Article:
SACRAMENTO, CA – Today, Governor Jerry Brown signed Senate Bill 1146 by Senator Ricardo Lara (D-Bell Gardens) to require private universities receiving public funds to publicly disclose if they discriminate against students on their gender identity, gender expression, or sexual orientation. Title IX exempt private universities receiving state funding in the form of Cal Grants will need to notify students and staff about their lack non-discrimination protections.
“No university should have a license to discriminate, especially those receiving state funds," said Senator Lara. "Those that do will now have to inform students and the public of their Title IX exemption. This law represents a critical first step in the ongoing efforts to protect students from discrimination for living their truths or loving openly.”
At the federal level, Title IX prohibits discrimination based on gender, including sexual orientation and gender identity, in education programs and activities that receive federal funding. However, if a university believes compliance with Title IX would conflict with its religion it may submit an exemption request to the U.S. Department of Education. The department has very little discretion and most requests are granted.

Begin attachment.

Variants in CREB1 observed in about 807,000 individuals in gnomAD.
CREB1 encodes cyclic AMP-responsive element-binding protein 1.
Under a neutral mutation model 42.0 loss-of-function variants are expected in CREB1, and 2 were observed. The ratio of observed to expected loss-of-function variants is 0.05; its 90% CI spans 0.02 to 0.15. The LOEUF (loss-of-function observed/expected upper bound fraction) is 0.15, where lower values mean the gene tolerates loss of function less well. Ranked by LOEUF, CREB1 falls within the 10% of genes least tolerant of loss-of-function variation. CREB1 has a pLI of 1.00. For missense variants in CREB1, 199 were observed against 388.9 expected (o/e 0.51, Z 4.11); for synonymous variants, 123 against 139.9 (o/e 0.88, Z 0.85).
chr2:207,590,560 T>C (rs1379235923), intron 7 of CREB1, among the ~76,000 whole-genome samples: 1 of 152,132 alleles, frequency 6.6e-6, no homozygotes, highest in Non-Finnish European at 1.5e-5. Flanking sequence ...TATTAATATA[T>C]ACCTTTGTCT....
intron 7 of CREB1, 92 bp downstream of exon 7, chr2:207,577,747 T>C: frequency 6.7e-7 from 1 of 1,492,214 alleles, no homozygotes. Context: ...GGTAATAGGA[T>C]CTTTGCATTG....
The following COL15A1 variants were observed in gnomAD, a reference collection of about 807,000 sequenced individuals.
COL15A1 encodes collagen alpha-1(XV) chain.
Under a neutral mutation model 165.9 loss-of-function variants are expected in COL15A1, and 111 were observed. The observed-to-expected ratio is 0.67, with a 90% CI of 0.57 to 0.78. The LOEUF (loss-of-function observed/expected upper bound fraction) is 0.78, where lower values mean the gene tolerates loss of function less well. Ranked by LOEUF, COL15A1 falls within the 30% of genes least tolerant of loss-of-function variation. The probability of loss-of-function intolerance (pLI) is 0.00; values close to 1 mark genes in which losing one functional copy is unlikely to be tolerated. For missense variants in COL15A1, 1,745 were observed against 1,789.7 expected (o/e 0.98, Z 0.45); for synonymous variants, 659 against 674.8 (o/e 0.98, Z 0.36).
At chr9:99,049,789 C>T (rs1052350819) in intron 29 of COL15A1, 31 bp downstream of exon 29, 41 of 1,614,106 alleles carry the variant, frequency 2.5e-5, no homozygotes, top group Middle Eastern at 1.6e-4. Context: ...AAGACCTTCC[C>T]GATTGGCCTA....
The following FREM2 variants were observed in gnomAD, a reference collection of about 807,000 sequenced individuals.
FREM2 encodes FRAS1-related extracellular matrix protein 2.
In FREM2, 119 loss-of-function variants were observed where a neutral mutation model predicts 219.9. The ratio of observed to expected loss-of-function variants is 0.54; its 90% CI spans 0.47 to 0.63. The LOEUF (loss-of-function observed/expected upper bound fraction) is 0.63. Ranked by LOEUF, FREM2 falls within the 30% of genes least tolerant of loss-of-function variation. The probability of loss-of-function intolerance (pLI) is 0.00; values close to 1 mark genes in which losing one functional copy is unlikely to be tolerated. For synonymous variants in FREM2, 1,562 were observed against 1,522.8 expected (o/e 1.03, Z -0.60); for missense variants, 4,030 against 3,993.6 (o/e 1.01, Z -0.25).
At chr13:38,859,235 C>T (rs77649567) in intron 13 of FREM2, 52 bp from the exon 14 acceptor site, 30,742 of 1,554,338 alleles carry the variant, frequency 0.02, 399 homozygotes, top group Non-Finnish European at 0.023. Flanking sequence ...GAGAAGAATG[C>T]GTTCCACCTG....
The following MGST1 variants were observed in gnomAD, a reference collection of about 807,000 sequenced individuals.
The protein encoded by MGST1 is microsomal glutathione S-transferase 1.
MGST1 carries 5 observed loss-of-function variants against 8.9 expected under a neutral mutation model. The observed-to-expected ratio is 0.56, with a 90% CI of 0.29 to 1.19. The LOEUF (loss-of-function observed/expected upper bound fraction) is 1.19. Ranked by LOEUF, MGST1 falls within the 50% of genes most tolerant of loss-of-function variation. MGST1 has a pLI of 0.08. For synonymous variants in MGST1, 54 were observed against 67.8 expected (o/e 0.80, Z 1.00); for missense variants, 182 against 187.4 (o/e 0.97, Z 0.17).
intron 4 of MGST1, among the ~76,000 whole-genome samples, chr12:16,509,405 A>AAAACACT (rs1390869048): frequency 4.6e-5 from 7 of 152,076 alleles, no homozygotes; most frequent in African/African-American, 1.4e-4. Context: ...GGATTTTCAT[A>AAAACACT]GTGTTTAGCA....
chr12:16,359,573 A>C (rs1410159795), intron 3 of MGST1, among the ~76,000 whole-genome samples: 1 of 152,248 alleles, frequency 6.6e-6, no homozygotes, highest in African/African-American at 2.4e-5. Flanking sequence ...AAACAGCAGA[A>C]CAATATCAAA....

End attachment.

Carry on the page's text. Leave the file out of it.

“The public needs to know which schools have licenses to discriminate against LGBT people and to ignore California’s civil rights protections,” said Rick Zbur, executive director of Equality California, the sponsor of the legislation. “This law will give fair warning to students, staff and faculty members before they accept enrollment or employment at a university with a license to discriminate.”
Over the last three years there has been a significant increase in the number of universities that apply for and receive an exemption to Title IX. Only one school was granted an exemption in 2013. Today, some 43 schools nationally have received exemptions, with at least six of them in California.
Currently, universities that have Title IX exemptions do not have to disclose them to students or staff. Many students are unaware of the exemption and what the potential consequences might be in the event their sexual orientation or gender identity does not align with the university’s discriminatory policies. Students and staff across the country have reported learning of an exemption only after being expelled from school or fired from their jobs.
“California has established strong protections for the LGBTQ community and private universities should not be able to use faith as an excuse to discriminate,” added Lara.
Senator Ricardo Lara was elected in 2012 to represent the 33rd Senate District, which includes the cities and communities of Bell, Bell Gardens, Cudahy, Huntington Park, Lakewood, Long Beach, Lynwood, Maywood, Paramount, Signal Hill, South Gate, South Los Angeles, Vernon, and Walnut Park.